We Have Some Work To Do

Most of America is deteriorating economically.

That’s the conclusion of a new study recently reported by Axios.com that has created a stir in cities and state capitals. It probably hasn’t made a dent in Washington, where they are too busy talking past each other and raking in big bucks for re-election to care.

Axios is on online news organization. They have some really good journalists and their coverage is usually pretty insightful. So what did Axios find?

Economic prosperity is concentrated in America’s elite ZIP Codes, but economic stability outside of those communities is rapidly deteriorating.

What does that mean?  U.S. geographical economic inequality is growing, meaning your economic opportunity is more tied to your location than ever before. Which means that your location better have a plan to keep their economies viable.

A large portion of the country is being left behind by today’s economy, according to a county-by-county report released this week by the Economic Innovation Group, a non-profit research and advocacy organization.

Key findings:

New jobs are clustered in the economy’s best-off places, leaving one of every four new jobs for the bottom 60% of ZIP Codes.

Most of today’s distressed communities have seen zero net gains in employment and business establishment since 2000. In fact, more than half have seen net losses on both fronts.

Half of adults living in distressed ZIP Codes are attempting to find gainful employment in the modern economy armed with only a high school education at best.

The map: The fastest growing Western cities (such as Gilbert, Ariz., and Plano, Texas) and “tech hubs” (Seattle, San Francisco, Austin) dominate the list of the most prosperous cities in the country. Cities that were once industrial powerhouses in the Midwest and Northeast, like Cleveland and Newark, are now more likely to be on the distressed end of the spectrum.

The cycle: Fewer new companies are forming than ever before, which disproportionately hurts distressed communities. The new businesses that do get started are often located in thriving communities where educated workers are. So talented people are forced to leave places with little economic opportunity — even if they have personal and family reasons to stay — to move to those where there is opportunity.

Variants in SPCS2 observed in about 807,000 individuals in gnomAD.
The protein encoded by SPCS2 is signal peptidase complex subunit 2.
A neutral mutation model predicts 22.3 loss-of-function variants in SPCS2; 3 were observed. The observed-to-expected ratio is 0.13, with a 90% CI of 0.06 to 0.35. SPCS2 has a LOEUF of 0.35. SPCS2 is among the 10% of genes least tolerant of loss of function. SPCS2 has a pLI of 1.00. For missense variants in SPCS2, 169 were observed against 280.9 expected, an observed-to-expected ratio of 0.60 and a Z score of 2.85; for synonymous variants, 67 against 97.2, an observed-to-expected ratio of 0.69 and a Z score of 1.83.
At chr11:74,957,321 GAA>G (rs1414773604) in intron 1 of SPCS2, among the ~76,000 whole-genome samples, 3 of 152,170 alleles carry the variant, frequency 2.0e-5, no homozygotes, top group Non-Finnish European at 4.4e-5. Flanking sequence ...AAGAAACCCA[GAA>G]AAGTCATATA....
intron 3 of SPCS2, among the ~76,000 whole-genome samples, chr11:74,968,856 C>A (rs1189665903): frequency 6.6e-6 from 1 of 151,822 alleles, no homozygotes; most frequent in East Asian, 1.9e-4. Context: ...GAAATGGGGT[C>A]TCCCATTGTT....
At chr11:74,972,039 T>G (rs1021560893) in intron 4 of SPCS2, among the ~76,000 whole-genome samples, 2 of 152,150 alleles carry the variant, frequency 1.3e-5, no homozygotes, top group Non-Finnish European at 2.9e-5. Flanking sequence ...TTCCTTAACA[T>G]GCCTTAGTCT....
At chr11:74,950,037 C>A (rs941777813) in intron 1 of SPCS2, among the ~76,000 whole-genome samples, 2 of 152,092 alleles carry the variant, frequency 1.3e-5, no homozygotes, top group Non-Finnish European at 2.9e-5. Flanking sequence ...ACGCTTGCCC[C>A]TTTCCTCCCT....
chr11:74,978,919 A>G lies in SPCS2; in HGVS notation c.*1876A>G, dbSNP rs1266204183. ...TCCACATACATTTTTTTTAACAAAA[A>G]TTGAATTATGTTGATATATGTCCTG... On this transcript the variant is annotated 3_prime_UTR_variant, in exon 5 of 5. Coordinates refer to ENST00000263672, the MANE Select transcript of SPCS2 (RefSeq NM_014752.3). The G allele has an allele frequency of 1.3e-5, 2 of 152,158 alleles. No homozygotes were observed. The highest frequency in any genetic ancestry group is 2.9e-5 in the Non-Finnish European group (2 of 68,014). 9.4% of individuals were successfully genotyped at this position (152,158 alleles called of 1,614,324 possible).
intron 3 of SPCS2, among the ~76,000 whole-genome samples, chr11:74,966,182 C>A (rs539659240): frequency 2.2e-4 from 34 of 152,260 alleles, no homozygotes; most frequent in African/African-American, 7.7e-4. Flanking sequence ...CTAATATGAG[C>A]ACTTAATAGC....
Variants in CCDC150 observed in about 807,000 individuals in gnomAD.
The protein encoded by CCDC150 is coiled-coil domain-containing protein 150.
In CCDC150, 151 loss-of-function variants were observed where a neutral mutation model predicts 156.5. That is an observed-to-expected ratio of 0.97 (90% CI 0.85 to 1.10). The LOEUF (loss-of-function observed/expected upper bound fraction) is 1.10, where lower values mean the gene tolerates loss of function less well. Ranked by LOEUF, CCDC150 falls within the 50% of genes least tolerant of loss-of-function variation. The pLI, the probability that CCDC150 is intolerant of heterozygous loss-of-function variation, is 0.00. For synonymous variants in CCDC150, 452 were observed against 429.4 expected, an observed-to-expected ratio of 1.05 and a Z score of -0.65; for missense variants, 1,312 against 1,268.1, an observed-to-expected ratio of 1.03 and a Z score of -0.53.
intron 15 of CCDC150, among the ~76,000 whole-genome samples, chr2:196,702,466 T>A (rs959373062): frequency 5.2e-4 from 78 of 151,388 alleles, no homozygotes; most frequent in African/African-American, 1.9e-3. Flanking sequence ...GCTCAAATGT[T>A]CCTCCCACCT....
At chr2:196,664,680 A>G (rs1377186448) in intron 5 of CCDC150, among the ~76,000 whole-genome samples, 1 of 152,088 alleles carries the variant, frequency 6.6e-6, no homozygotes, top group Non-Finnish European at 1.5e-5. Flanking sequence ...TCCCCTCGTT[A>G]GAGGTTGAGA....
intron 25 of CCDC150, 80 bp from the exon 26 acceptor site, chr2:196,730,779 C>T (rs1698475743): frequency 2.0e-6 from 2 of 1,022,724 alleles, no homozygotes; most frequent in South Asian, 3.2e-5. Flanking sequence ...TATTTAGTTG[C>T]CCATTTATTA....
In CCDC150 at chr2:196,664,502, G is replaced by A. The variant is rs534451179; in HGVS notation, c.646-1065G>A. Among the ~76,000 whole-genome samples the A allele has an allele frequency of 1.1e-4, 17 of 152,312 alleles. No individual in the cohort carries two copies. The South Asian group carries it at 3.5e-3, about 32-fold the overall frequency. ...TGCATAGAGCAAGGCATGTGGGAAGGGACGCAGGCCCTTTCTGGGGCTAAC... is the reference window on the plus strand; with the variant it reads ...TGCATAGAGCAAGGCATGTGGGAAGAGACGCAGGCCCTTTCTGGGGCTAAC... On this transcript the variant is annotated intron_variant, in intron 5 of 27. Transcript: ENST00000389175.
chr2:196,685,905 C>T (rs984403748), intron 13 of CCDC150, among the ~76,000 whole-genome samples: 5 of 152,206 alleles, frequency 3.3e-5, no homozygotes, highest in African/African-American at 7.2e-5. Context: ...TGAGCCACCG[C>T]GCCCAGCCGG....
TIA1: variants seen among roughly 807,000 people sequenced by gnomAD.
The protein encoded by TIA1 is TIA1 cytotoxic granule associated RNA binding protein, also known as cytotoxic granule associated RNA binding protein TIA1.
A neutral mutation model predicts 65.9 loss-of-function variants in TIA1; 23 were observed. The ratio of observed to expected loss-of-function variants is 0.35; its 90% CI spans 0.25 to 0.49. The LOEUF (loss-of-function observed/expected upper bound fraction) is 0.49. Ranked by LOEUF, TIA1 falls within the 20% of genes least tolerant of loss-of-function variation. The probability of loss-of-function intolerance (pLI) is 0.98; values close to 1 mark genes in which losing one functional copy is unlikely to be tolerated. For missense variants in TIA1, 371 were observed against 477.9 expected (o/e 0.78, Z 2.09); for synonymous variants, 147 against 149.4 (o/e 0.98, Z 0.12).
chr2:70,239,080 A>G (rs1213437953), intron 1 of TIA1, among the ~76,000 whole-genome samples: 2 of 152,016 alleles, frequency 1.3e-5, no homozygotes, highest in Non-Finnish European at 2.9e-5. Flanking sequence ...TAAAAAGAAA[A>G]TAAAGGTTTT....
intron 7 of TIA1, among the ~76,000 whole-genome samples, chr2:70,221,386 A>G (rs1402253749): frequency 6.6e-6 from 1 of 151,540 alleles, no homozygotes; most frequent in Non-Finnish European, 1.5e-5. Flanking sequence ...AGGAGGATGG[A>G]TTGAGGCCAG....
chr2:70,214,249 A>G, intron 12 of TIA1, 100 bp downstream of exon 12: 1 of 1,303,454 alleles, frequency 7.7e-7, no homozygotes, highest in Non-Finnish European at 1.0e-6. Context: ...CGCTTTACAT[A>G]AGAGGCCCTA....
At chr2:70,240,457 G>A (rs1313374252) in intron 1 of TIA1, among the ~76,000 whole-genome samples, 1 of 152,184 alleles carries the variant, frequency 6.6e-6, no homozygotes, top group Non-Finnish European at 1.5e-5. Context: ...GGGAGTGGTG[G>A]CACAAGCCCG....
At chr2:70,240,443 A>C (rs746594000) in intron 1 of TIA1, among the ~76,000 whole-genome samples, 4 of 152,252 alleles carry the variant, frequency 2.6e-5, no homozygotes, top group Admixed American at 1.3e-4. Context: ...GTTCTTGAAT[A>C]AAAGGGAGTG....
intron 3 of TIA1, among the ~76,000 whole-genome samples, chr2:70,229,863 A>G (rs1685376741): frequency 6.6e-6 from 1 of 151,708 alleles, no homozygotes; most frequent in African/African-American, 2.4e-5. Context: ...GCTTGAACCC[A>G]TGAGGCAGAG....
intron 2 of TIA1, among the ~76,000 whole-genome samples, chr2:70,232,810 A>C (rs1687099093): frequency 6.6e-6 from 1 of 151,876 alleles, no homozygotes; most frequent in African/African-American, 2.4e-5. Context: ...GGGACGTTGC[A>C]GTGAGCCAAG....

So how do we rank?

Economic Distress Indicators for: Palm Beach County, FL

Population: 1,378,810

% in Distressed Zip Codes: Palm Beach County 4.7%

% in Prosperous Zip Codes: Palm Beach County 35.1%

 

No High School Diploma: Palm Beach County 12.2% U.S. 13.3%

Housing Vacancy Rate: Palm Beach 8.2%  U.S. 8.3%

Adults Not Working: Palm Beach County 26.9% U.S. 28.2%

Poverty Rate: Palm Beach County 14.5%  U.S. 15.5%

Distress Score: 14.3

Distress Rank: 446

Overall, Palm Beach County is rated “comfortable” with indicators meeting or exceeding other counties and the national average. I also looked at three zip codes in Delray Beach and found interesting stats.

In 33445, which includes a lot of Delray Beach west of 95 and 30,460 people, the distressed rating was 30.2, more than double the rate for Palm Beach County. In my zip code, 33444, home to 22,440, the distress rank was a dismal 59.5. The downtown/beach area zip code, 33483 had a distress rating of 21.6 and consists of 11,850 people.

Distress was measured using 7 metrics.

  1. No high school diploma: Percent of the population 25 years and older without a high school diploma or equivalent
  2. Housing vacancy rate: Percent of habitable housing that is unoccupied, excluding properties that are for seasonal, recreational, or occasional use
  3. Adults not working: Percent of the prime-age population (ages 25-64) not currently in work
  4. Poverty rate: Percent of the population living under the poverty line
  5. Median income ratio: A geography’s median income expressed as a percentage of its state’s median income
  6. Change in employment: Percent change in the number of jobs from 2011 to 2015
  7. Change in business establishments: Percent change in the number of business establishments from 2011 to 2015.

This blog has long championed the importance of economic development and the need to strengthen and diversify our economy.

The stakes are high.

The report also indicated that less distressed communities are healthier communities. The healthier the economy, the healthier the person: People in distressed communities die five years earlier, according to the research.

If we care about our long term financial sustainability and the prospects for our children, we need to figure out a plan to be competitive with other healthy regions.

It’s not about chasing Amazon (good luck with that one) or waving incentives at companies—it’s about leveraging our strengths, improving our schools, nurturing entrepreneurs (economic gardening) working with universities, increasing quality housing that is affordable and building an inclusive community open to ideas, innovation and creativity.

 

 

 

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